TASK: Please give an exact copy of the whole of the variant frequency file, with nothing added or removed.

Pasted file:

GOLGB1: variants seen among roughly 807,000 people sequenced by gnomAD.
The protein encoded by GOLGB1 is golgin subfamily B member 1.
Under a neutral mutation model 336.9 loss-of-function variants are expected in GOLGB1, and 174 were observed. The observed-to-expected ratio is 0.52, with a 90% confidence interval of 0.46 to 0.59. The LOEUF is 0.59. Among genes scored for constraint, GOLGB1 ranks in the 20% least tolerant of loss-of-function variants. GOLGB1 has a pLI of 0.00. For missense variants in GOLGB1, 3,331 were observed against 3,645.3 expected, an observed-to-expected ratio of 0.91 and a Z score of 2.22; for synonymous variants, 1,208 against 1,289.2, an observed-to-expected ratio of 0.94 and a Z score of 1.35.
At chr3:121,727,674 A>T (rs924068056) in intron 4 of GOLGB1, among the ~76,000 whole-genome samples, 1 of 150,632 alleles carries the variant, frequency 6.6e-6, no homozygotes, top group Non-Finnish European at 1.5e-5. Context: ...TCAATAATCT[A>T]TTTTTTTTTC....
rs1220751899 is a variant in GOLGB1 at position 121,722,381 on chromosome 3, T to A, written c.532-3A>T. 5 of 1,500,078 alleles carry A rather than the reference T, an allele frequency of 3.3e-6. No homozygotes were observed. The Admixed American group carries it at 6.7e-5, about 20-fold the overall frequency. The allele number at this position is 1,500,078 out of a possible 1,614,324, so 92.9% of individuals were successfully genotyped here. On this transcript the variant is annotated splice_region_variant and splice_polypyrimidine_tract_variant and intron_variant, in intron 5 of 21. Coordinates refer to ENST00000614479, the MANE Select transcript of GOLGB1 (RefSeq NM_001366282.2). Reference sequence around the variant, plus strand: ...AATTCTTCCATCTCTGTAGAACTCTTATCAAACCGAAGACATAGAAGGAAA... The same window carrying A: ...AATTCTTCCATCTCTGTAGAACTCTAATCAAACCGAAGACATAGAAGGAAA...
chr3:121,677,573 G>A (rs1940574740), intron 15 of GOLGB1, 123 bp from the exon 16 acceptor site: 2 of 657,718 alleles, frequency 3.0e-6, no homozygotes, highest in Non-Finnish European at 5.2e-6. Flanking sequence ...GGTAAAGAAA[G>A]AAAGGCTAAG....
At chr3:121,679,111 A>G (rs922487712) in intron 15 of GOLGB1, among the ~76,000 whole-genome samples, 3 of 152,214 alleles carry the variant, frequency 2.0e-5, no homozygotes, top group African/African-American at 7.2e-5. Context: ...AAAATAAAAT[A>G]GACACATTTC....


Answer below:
GOLGB1: variants seen among roughly 807,000 people sequenced by gnomAD.
The protein encoded by GOLGB1 is golgin subfamily B member 1.
Under a neutral mutation model 336.9 loss-of-function variants are expected in GOLGB1, and 174 were observed. The observed-to-expected ratio is 0.52, with a 90% confidence interval of 0.46 to 0.59. The LOEUF is 0.59. Among genes scored for constraint, GOLGB1 ranks in the 20% least tolerant of loss-of-function variants. GOLGB1 has a pLI of 0.00. For missense variants in GOLGB1, 3,331 were observed against 3,645.3 expected, an observed-to-expected ratio of 0.91 and a Z score of 2.22; for synonymous variants, 1,208 against 1,289.2, an observed-to-expected ratio of 0.94 and a Z score of 1.35.
At chr3:121,727,674 A>T (rs924068056) in intron 4 of GOLGB1, among the ~76,000 whole-genome samples, 1 of 150,632 alleles carries the variant, frequency 6.6e-6, no homozygotes, top group Non-Finnish European at 1.5e-5. Context: ...TCAATAATCT[A>T]TTTTTTTTTC....
rs1220751899 is a variant in GOLGB1 at position 121,722,381 on chromosome 3, T to A, written c.532-3A>T. 5 of 1,500,078 alleles carry A rather than the reference T, an allele frequency of 3.3e-6. No homozygotes were observed. The Admixed American group carries it at 6.7e-5, about 20-fold the overall frequency. The allele number at this position is 1,500,078 out of a possible 1,614,324, so 92.9% of individuals were successfully genotyped here. On this transcript the variant is annotated splice_region_variant and splice_polypyrimidine_tract_variant and intron_variant, in intron 5 of 21. Coordinates refer to ENST00000614479, the MANE Select transcript of GOLGB1 (RefSeq NM_001366282.2). Reference sequence around the variant, plus strand: ...AATTCTTCCATCTCTGTAGAACTCTTATCAAACCGAAGACATAGAAGGAAA... The same window carrying A: ...AATTCTTCCATCTCTGTAGAACTCTAATCAAACCGAAGACATAGAAGGAAA...
chr3:121,677,573 G>A (rs1940574740), intron 15 of GOLGB1, 123 bp from the exon 16 acceptor site: 2 of 657,718 alleles, frequency 3.0e-6, no homozygotes, highest in Non-Finnish European at 5.2e-6. Flanking sequence ...GGTAAAGAAA[G>A]AAAGGCTAAG....
At chr3:121,679,111 A>G (rs922487712) in intron 15 of GOLGB1, among the ~76,000 whole-genome samples, 3 of 152,214 alleles carry the variant, frequency 2.0e-5, no homozygotes, top group African/African-American at 7.2e-5. Context: ...AAAATAAAAT[A>G]GACACATTTC....